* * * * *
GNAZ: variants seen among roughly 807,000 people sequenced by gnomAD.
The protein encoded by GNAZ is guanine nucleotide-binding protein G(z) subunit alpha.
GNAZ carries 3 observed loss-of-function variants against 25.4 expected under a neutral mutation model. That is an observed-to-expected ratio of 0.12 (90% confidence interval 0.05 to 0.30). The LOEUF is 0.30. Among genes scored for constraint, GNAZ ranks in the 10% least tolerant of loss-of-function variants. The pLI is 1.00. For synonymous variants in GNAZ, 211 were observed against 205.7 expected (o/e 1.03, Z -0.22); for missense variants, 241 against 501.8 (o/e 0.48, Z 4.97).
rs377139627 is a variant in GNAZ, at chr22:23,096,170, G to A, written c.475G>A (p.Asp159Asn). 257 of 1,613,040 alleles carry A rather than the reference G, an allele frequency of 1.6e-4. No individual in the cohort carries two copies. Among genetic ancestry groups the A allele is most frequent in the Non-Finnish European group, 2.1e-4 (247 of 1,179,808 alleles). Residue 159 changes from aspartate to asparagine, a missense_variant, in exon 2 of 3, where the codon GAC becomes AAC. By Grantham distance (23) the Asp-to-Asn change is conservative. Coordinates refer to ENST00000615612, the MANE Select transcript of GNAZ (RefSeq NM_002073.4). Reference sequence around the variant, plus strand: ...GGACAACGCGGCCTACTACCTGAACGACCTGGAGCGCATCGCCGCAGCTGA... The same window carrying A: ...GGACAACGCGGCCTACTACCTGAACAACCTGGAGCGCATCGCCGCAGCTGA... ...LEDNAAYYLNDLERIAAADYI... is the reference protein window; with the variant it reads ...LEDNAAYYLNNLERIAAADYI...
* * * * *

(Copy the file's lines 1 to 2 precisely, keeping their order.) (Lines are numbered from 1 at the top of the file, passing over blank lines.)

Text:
GNAZ: variants seen among roughly 807,000 people sequenced by gnomAD.
The protein encoded by GNAZ is guanine nucleotide-binding protein G(z) subunit alpha.